Jeff Fager, left, seen on July 29, 2012, will step...

Jeff Fager, left, seen on July 29, 2012, will step down as CBS News chairman of the news division early next year, and return full time to "60 Minutes." He'll be succeeded by David Rhodes, right, who will also keep his title as CBS News president. Credit: AP

CBS News chairman Jeff Fager — who was and is only the second top producer of "60 Minutes" over the show's long history — will step down as head of the news division early next year, and return full time to the news magazine.

The surprise announcement comes days after the launch of CBSN — CBS' new streaming news service, and a Fager priority — and also during a particularly strong run for "60," which landed as a top 10-viewed program for the fourth week in a row this past Sunday.

In a statement, Fager said, in part, that during discussions with CBS chief Leslie Moonves upon first assuming the CBS News chairmanship — a new position — in February of 2011, "we agreed that when the time was right I would be able to return to '60 Minutes' full-time. I can’t imagine a better time for that than right now."

He'll be succeeded by CBS News president David Rhodes, who joined CBS News when Fager was elevated in 2011; he joined from Bloomberg where he was head of U.S. TV operations and before that had spent a decade at Fox News.

The single biggest blip — and a serious one — during Fager's run was the discredited Lara Logan "60 Minutes" story on Benghazi that aired last November. 

"We take the vetting of sources and stories very seriously at '60 Minutes' and we took it seriously in this case. But we were misled and we were wrong, and that's the important thing," Logan said on "CBS This Morning," in issuing a retraction and apology. "We have to set the record straight and take responsibility."

The 2012 attack on the U.S. compound in Benghazi, Libya, in which U.S. Ambassador J. Christopher Stevens and U.S. Foreign Service officer Officer Sean Smith were killed, was the basis for a book by ex-security officer Dylan Davies, who laid claim to the first eyewitness account of the attack. The "60" story, and Davies' account — following reporting by The Washington Post — were quickly discredited. Logan was later suspended, and has since returned to "60 Minutes."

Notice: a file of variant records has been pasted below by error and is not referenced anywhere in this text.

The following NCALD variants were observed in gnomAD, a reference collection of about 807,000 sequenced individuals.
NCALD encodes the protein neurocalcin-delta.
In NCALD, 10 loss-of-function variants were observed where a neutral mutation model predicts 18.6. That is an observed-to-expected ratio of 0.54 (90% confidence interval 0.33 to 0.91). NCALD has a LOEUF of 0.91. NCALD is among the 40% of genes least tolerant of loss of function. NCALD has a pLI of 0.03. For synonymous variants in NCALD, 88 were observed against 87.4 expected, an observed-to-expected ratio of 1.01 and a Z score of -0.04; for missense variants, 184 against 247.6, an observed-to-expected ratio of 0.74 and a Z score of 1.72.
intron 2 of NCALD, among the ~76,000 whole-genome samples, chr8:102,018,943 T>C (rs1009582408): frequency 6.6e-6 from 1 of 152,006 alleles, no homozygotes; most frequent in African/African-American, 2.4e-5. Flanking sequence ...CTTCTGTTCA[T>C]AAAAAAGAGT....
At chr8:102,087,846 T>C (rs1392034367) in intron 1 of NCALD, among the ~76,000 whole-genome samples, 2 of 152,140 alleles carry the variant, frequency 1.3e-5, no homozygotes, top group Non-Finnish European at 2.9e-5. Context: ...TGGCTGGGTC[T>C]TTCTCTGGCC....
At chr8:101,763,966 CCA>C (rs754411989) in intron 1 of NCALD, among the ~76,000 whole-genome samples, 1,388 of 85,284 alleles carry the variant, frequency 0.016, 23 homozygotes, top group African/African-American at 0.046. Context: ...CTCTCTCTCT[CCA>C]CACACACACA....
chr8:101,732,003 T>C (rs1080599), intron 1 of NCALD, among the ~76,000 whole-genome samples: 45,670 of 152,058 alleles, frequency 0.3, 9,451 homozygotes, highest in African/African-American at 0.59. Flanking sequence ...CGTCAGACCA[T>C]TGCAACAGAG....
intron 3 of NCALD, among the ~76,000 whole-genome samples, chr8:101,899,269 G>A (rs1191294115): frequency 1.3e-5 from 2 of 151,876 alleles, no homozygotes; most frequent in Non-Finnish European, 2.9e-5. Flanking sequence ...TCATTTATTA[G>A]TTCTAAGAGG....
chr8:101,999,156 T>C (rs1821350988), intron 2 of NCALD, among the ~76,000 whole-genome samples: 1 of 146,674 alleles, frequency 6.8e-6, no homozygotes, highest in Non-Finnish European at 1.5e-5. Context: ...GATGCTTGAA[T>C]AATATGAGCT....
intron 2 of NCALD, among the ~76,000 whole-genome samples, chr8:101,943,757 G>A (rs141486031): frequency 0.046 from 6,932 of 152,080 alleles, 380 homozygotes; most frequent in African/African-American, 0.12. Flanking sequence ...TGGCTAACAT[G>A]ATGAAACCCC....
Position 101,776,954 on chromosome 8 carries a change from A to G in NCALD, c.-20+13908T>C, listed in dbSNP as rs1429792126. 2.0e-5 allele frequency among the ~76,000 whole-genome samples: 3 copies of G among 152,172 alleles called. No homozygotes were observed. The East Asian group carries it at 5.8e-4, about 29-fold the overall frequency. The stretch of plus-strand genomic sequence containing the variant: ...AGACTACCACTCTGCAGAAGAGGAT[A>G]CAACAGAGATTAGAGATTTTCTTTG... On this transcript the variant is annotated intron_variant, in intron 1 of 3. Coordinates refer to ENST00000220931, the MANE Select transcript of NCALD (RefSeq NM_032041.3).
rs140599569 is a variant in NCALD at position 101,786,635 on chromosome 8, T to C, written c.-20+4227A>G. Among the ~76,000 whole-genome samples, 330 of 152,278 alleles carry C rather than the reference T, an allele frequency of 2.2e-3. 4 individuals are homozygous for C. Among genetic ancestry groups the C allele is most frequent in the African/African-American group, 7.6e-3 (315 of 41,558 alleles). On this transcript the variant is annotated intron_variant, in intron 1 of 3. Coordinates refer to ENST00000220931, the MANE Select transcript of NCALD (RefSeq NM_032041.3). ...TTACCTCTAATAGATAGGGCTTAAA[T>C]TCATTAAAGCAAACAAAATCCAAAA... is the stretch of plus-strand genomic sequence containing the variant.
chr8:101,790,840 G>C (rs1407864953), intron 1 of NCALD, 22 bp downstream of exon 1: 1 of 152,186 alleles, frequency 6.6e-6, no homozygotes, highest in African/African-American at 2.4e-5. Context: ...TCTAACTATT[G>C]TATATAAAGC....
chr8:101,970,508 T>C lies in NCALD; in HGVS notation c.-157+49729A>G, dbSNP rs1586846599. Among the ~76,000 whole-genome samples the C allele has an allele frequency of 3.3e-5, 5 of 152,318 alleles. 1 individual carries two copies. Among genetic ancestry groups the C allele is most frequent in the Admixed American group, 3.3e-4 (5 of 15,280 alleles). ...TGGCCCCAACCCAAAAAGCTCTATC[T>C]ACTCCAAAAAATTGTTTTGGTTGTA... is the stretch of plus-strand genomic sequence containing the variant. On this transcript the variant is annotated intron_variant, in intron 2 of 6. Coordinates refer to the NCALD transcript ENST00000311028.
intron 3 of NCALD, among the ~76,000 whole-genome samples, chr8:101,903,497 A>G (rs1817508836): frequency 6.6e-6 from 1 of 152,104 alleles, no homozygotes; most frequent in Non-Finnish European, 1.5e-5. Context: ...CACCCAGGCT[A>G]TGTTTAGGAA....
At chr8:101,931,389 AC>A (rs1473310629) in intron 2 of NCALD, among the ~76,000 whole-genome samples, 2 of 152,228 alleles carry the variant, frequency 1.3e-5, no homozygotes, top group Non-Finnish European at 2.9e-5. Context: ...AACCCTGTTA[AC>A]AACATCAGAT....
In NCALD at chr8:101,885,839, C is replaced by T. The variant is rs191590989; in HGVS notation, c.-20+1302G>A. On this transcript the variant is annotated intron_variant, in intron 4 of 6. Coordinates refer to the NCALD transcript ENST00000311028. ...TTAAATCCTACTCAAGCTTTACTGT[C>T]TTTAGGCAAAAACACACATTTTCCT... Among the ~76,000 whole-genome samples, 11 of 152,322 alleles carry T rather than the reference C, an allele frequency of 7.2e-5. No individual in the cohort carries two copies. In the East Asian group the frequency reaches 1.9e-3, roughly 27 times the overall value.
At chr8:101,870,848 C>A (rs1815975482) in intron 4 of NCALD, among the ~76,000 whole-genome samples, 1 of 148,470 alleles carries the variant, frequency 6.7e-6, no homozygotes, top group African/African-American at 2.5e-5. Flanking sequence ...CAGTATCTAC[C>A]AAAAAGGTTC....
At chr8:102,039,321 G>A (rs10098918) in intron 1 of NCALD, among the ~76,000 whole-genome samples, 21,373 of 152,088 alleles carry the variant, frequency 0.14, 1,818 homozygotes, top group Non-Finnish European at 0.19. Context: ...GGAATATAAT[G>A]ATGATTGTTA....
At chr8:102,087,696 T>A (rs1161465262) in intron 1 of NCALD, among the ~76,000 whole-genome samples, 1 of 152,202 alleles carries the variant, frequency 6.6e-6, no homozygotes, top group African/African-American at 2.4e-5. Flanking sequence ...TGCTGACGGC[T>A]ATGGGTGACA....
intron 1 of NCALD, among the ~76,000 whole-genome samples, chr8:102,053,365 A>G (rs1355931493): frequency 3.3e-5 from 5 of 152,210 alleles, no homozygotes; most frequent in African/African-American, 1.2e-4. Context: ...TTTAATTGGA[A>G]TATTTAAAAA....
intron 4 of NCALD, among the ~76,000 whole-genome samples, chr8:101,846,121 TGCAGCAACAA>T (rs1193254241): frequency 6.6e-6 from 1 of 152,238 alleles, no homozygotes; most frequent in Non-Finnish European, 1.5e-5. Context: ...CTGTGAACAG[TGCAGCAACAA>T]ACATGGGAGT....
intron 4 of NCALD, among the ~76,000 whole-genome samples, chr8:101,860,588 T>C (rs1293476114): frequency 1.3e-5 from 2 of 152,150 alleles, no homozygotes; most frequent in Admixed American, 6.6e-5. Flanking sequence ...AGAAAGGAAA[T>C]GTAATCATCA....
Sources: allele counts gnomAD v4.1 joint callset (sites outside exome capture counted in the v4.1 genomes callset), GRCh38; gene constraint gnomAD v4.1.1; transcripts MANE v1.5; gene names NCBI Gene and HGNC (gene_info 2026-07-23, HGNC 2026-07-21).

Otherwise, Fager's tenure has been a stable one: "Face the Nation" has remained a Sunday morning stalwart and leader, and "Sunday Morning" as well. He directed yet another overhaul of "CBS This Morning" — a successful one — and "60 Minutes," which he continued to produce over the last four years, remains a marvel of television with probably the single most loyal, and stable, audience of any program on primetime.

His don't-fix-what-isn't-broken style had one major challenge — to replace Katie Couric as anchor of "Evening News." Their relationship was arctic. He made no attempt to keep her, and Disney made a lucrative offer anyway. He appointed Scott Pelley as "Evening News" anchor who — like Fager himself — has continued to do double duty, on both "60" and "EN."

Of the latter, "EN" remains an also-ran in the nightly news race — in third place behind "Nightly News" and "World News Tonight." But pushing "EN" into hyperdrive to match its competitors may not have been a priority: After years of enormous turmoil — Dan Rather's tempestuous departure and Katie Couric's disappointing tenure — "EN" needed to regroup. Under Pelley, and Fager, it has.

Fager will return full time to "60" starting Jan. 1.

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